Organizational Change By The Bullet

It has been a long time since I checked my RSS reader, so as you can imagine I had a few thousand entries to pick through. Thankfully, the vast majority of the items were news briefs I already reviewed elsewhere (or could live without apparently), or some spam poorly disguised as content.FYI:  For those of your producing marketing messages with zero original contributions, we can tell and are NOT amused.

Aside from making me ironically grateful for tons of spam (I didn’t have to read it), this quick review allowed me to notice a bit of a trend the bothered me enough to burden my readers about it. Increasing numbers of bloggers seem to be adopting the bullet approach to their posts. Whether we are talking about Employee Engagement, Leadership Development, Performance Management, Organizational Culture/Climate, or any of the other complex determinants of organizational success, we bloggers are attempting to influence and educate others about important organizational phenomena (and yes, sneak a marketing message in there somewhere). We aren’t going to win a single heart or mind with a few bullet points and a generic (if striking) image from istockphoto. I suppose this is fine for discussions amongst ourselves (other experts in these areas, yes I am including myself in this group), but are frequent, content-light entries really the way to accomplish our professional advocacy, thought leadership and marketing outreach goals?

My bias is towards less frequent, but richer posts. A few of my previous colleagues might attribute this preference to my academic leanings. In the “real world,” what isn’t bulleted goes unread. This is a pretty big assumptions and I have only a few bits of anecdotal evidence to help me decide one way or the other.

My stint in this “real world” I apparently just discovered  was littered with suggestions to abbreviate and simplify everything I ever wrote, be they blog posts, professional emails, training presentations, or technical reports, word were treated a bit like radiation. Once a victim was exposed to a certain amount, they could not be around anymore for fear of causing some type of horribly painful cancer. There was no paragraph ever written that could not be magically condensed into a five word bullet point.

So were we on track with this? Are organizational decision makers really allergic to paragraphs? Must we really adopt a sixth-grade vocabulary or risk a round of head-scratching of calamitous proportions? My gut reaction is that we were wrong. We in the consulting business were so afraid of losing a client that we sometimes forgot they were paying us to deliver value, not comfort. If we don’t compete on our demonstrable knowledge, experience and dare I say collective wisdom, then how are we distinguishing ourselves from each other? Everyone has access to the same few bullet styles, so I guess that just leaves competing on the basis of price; that’s not a business I care to be in.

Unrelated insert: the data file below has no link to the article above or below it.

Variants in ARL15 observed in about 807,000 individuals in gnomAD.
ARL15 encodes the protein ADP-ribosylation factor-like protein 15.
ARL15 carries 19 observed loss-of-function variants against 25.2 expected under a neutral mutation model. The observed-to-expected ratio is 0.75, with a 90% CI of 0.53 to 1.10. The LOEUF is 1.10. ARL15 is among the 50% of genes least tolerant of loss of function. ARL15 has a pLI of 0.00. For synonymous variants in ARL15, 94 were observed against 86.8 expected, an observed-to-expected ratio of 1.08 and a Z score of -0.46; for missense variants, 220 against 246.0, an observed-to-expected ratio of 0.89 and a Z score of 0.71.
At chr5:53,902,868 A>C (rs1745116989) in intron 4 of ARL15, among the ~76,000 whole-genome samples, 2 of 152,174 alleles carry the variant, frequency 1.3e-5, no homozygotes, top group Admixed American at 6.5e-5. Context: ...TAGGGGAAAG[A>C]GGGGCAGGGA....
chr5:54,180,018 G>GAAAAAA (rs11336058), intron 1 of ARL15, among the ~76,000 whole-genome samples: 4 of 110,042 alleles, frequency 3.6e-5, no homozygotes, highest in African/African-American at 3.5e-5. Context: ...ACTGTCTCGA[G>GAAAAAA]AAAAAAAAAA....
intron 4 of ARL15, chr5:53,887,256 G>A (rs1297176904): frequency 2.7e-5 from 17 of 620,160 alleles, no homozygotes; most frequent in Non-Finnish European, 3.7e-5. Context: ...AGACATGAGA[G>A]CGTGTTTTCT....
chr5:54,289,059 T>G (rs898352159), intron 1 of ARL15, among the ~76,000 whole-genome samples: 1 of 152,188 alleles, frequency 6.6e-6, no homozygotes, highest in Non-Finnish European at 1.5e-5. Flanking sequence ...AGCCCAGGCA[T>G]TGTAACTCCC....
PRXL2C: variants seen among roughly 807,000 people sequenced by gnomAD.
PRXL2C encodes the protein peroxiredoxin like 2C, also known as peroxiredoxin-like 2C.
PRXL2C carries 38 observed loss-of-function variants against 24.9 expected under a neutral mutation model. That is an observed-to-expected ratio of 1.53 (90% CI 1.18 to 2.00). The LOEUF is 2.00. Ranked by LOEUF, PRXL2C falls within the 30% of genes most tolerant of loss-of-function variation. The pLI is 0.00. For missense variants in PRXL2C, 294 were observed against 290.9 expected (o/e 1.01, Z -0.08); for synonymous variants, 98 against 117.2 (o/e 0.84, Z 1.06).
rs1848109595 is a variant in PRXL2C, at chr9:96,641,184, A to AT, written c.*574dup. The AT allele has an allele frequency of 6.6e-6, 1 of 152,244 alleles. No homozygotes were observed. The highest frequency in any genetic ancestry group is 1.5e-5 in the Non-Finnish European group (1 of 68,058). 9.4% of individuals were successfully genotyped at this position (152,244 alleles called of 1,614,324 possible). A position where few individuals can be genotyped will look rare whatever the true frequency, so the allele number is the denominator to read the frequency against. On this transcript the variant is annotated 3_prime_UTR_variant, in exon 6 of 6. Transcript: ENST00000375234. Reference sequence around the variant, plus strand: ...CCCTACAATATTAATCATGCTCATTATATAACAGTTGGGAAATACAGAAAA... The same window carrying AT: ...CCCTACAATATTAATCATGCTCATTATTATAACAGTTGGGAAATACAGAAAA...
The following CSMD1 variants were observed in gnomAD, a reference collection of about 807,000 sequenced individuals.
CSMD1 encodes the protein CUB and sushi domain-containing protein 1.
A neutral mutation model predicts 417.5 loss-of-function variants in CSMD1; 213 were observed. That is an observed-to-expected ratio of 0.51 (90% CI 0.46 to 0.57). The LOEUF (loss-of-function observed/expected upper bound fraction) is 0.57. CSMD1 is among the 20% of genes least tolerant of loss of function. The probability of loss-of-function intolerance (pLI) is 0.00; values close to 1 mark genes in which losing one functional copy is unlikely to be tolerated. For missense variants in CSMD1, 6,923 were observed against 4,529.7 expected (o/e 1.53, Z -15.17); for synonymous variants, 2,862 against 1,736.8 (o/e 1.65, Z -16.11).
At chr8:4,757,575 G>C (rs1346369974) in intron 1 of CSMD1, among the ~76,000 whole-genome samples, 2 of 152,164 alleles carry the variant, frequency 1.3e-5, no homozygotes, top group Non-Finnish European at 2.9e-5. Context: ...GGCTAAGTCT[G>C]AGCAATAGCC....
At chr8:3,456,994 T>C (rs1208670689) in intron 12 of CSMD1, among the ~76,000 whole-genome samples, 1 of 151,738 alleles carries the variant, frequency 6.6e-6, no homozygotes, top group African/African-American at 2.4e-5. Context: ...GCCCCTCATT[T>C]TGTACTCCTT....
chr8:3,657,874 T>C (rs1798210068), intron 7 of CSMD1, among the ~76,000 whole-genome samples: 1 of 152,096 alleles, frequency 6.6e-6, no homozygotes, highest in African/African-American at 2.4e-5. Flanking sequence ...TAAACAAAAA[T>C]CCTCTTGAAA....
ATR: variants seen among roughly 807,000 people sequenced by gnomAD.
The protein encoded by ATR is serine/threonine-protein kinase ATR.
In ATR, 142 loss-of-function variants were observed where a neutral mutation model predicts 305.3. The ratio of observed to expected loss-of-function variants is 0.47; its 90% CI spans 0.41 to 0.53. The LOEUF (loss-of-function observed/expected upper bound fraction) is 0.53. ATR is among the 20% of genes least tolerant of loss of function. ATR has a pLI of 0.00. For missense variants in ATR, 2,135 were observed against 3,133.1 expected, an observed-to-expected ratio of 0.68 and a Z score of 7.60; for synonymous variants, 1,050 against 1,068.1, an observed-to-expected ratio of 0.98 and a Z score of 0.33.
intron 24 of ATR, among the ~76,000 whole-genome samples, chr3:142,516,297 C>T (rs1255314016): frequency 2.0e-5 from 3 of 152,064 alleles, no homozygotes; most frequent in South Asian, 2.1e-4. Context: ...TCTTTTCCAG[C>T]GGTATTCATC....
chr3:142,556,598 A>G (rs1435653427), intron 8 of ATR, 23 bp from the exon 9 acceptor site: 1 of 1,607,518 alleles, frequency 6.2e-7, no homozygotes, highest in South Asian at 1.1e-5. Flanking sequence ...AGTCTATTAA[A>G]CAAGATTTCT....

Certainly, I ran across a few organizations where this was the case (at least that was the impression I came away with after working with some of its decision-makers). Ultimately, I believed that each of my client organizations and their agents deserved the benefit of the doubt. I assumed they were interested in obtaining the tools for positive organizational change and that they were literate enough to have earned at least a high-school diploma (or had access to a couple, at any rate).I figured that if I was wrong about this, the bankruptcy proceedings that must surly follow would save us the trouble of retaining them as long-term clients. However, in the all-too likely scenario that these individuals were more competent than we gave them credit for, we risked demonstrating just how incompetent we believed them to be (or worse yet, how incompetent we were).

So I have two messages to offer. First off, we must be acutely aware of not just the audience for our communications, but also their objectives. Complicated procedures, business critical concepts and valuable recommendations are seldom suited for comprehension via a few bullet points. If our interventions or analyses were really that simple, then our clients didn’t really need us in the first place and we have robbed them of value.

The second message goes out to the few organizational agents that insist on basing their decisions on the basis of a few bullet points. If you can’t be bothered to read a report, please don’t commission it in the first place. Save your organization a lot of time, money and effort. Organizational outcomes are the same whether you waste our time on a report you won’t read, or you don’t ask for it in the first place. In either case you are making decisions through the fog of ignorance. In neither case will you benefit from the years of training and experience that have yielded organizational insights you lack. I understand managers and executives are busy. I get it and sympathize with your crowded calendar, I really do. But you are charged with making informed decisions, not simply decisions. Your shareholders expect you to create a healthy, profitable organization, not random organizational interventions.

By the way bloggers, keep buying stock photos. I have a very talented friend you should patronize =)


~ by George Guajardo on February 10, 2010.

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